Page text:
Wednesday, March 26, 2014

The Great Franschhoek Bonfire of the Pencils

Last year judges for the Wine Writer of the Year at the Franschhoek Literary Festival (FLF) decided no entries were good enough for the prize money.  John Maytham has again been appointed to judge at this year’s competition, despite some apparently unethical behaviour surrounding his judging during last year’s competition. 

We know, for example, (as do the FLF organisers) that:

-          During judging Mr. Maytham discussed the quality and quantity of entries with a long-standing wine writer from whom he solicited further entries;

-          Mr. Maytham later claimed he had a mandate from FLF organisers to conduct such discussions yet wrote in an email to this writer (after the above discussion but before it became publicly known) that “it would be inappropriate for one of the judges to comment on this matter in private”;

-          The wine writer in question wrote “Please, no mention to or discussion with FLF of my correspondence with John. If he wants to mention it that is his decision…about John discussing the entries with a senior long-standing wine writer could be interpreted as mentioning individual entries, rather than the overall number, which was the subject”. Mr Maytham believes the conversation was also about the quality of the writing. 

However Mr. Maytham may have been caught up in FLF’s incompetence or even – one for the conspiracy theorists - a sinister plot (the rest of the fest appears well run?):

-          FLF organisers rather resented the prize money of R25 000 (but given wine’s macro-economics can be regarded as modest);

-          FLF only invited a handful of writers to submit entries, excluding two of the previous winners, and our most highly regarded wine writer Michael Fridjhon, while two of the three have won international wine writing awards and the third has been short-listed (all of whom entered after a deadline extension, presumably at Mr Maytham’s request);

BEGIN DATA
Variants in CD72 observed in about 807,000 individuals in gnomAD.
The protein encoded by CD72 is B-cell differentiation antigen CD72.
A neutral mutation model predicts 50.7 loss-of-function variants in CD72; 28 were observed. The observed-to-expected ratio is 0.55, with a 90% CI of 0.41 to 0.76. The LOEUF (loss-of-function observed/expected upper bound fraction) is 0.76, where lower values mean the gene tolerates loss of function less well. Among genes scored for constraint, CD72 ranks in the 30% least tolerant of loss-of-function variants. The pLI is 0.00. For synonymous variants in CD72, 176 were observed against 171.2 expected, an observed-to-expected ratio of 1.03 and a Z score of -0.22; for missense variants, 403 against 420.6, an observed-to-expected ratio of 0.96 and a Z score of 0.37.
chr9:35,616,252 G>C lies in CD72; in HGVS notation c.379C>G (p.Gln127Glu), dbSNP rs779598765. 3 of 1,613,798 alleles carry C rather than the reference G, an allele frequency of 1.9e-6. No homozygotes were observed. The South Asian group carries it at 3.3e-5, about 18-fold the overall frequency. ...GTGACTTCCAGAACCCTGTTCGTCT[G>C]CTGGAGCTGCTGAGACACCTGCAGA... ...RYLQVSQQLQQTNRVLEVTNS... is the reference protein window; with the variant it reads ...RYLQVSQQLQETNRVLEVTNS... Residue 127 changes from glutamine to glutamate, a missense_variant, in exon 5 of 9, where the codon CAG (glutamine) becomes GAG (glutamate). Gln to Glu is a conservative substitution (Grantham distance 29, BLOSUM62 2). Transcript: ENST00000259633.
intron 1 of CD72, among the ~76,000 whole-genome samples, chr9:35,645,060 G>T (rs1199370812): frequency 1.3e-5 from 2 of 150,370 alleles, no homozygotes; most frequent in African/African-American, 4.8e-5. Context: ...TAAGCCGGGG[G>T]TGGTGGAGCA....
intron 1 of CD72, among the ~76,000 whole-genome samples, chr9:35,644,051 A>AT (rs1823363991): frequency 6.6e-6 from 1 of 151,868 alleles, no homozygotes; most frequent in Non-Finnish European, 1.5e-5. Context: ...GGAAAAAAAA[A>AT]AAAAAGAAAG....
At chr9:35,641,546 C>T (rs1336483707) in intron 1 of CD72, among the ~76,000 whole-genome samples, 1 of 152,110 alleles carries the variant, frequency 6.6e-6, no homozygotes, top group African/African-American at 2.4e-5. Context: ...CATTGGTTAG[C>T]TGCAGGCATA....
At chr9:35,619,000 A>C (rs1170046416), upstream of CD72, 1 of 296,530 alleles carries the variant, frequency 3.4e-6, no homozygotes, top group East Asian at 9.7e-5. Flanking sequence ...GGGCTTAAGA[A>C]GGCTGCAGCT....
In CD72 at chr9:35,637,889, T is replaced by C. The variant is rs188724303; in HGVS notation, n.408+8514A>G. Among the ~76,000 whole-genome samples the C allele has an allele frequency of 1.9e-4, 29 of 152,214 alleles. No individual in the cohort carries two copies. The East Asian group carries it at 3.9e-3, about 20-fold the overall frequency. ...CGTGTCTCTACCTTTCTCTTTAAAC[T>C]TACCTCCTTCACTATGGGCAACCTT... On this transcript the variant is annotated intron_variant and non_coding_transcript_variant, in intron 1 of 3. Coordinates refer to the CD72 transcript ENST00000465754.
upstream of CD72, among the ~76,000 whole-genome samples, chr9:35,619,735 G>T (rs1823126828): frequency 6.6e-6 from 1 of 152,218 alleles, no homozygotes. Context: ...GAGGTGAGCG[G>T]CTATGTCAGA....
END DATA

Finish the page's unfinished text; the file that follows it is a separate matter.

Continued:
-          Despite the presence of outside (paid for?) media and publicity professionals, the only wider solicitation of entries was a request to sponsor Sunday Times to forward the invitation to their two wine writers - specialist publications like Classic Wine were ignored;

-          None of the entrants were advised why one of the judges withdrew, nor of his replacement;

-          Until this year, FLF organisers have ignored suggestions to break down the prize money into different categories and expand on the meagre judging criteria;

-          A previous winner was given permission by FLF to submit a piece from the Classic Wine magazine published in late 2011 (dated December 2011-January 2012), despite the unmistakably clear stipulation that a submission had to be both written and published in 2012.  

-          The 2013 prize money apparently went to charitable causes in Franschhoek but no official announcement, to my knowledge, has been made in this regard.

I won’t be surprised if those writers who were particularly vitriolic (privately at least) in their criticism of last year’s events enter the competition again this year, anyway back to Bonfire of the Vanities.

No comments:

Post a Comment